Four Kinds

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412) It is written, “The fruit of citrus trees, branches of palm-trees.” The fruit of a citrus tree is a citron. But does a citron come from a citrus tree? After all, there are several thorns surrounding it in the citron tree. However, it is written, “The Lord God fashioned into a woman the rib which He took from the man, and brought her to the man,” and also, “This is now bone of my bones, and flesh of my flesh.” And this is the fruit of a citrus tree, for man is called “a tree.”

The inner meaning of the words, “The Lord God fashioned into a woman the rib,” concerns ZA and Malchut, which were emanated as two Partzufim [plural of Partzuf]. Afterwards, the Emanator cut them off from one another and Malchut was a rib of ZAZA is called “the tree of life,” and Malchut is the fruit of that tree, the citron, which implies to Malchut. This is why the Torah calls it, “The fruit of a citrus tree,” as it is the fruit of a citrus tree—ZA.

413) “Branches of palm trees.” The palm tree amounts to seventy years, which imply to Yesod de ZA, in which the seventy upper years were completed, meaning HGT NHYM. Each of them consists of ten, hence they are seventy. This was tied, connected above in ZA and below in Malchut, which is why they are called Kapot [“branches,” but also Kafut, meaning tied], such as in Kfitu [Aramaic], which means tied. This is so because Yesod rises to ZA and to Malchut, and it is written, “For all that is in the heaven and in the earth.” Yesod is called “all,” and it is tied to the heaven, ZA, and to the earth, which is Malchut.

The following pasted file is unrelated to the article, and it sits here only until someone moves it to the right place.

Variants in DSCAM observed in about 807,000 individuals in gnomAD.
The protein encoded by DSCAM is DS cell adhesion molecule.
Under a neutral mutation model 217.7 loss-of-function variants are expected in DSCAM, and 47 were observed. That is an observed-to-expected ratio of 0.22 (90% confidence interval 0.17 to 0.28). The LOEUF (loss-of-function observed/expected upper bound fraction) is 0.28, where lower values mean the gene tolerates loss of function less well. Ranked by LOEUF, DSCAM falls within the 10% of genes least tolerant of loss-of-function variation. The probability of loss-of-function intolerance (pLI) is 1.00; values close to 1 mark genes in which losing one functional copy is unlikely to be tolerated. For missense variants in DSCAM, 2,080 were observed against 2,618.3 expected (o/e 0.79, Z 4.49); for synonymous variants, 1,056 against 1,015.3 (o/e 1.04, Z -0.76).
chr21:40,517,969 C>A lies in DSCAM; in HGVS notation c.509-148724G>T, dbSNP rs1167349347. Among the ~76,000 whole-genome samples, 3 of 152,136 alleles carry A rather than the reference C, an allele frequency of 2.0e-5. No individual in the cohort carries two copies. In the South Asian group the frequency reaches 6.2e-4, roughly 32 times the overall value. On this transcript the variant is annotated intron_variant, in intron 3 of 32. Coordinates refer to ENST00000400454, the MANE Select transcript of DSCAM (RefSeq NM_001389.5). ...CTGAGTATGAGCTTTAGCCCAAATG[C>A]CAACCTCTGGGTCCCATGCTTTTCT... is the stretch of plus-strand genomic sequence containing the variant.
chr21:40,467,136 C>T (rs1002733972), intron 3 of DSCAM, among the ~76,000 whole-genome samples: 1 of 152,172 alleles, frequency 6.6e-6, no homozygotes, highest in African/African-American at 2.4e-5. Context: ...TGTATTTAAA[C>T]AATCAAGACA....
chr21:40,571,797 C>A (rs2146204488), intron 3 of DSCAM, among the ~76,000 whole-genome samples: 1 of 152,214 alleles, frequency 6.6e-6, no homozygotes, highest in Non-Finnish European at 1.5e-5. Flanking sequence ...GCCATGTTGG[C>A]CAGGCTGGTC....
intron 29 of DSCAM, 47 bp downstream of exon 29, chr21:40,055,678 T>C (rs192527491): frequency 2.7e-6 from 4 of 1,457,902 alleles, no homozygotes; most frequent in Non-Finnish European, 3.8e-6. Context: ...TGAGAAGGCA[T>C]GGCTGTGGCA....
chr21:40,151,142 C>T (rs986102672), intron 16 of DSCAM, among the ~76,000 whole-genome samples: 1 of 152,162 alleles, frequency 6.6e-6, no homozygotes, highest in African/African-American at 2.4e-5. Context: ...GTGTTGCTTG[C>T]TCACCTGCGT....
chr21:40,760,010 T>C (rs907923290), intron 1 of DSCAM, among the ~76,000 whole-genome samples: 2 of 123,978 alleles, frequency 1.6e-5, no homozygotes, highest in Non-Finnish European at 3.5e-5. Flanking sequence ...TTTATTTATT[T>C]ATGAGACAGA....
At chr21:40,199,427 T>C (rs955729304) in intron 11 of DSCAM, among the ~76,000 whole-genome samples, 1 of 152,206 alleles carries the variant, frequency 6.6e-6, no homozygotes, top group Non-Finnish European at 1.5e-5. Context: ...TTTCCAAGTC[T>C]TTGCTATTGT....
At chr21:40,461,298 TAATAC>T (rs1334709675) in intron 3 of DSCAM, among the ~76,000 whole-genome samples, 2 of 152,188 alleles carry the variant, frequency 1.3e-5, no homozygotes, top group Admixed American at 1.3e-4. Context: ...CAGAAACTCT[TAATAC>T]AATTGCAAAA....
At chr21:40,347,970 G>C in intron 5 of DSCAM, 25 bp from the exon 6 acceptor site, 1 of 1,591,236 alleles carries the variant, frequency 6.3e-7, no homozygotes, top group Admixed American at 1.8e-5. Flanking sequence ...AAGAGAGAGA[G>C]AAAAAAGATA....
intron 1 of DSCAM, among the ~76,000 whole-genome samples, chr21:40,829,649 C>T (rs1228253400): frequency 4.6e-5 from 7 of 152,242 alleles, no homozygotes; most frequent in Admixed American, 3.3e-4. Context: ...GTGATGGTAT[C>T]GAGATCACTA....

414) The fruit of a citrus tree is an altar, Malchut, which bears fruit and brings out fruits to all sides. It is called “The fruit of a citrus tree” because every seventy years—which are HGT NHYM de ZA, where each consists of ten, thus they are seventy—Malchut is given a share and she is blessed by all of them. Also, ZA is called “a citrus tree,” and one who sins and blemishes the altar—Malchut—sins and blemishes the whole of the seven Sefirot of ZA. This is because Malchut is tied opposite from that one who is bound and tied above, meaning Yesod de ZA. This is the reason why Malchut was tied to the seven Sefirot de ZA, and this is also why it is written, “The fruit of citrus trees, branches of palm-trees,” to show that they are bound in each other.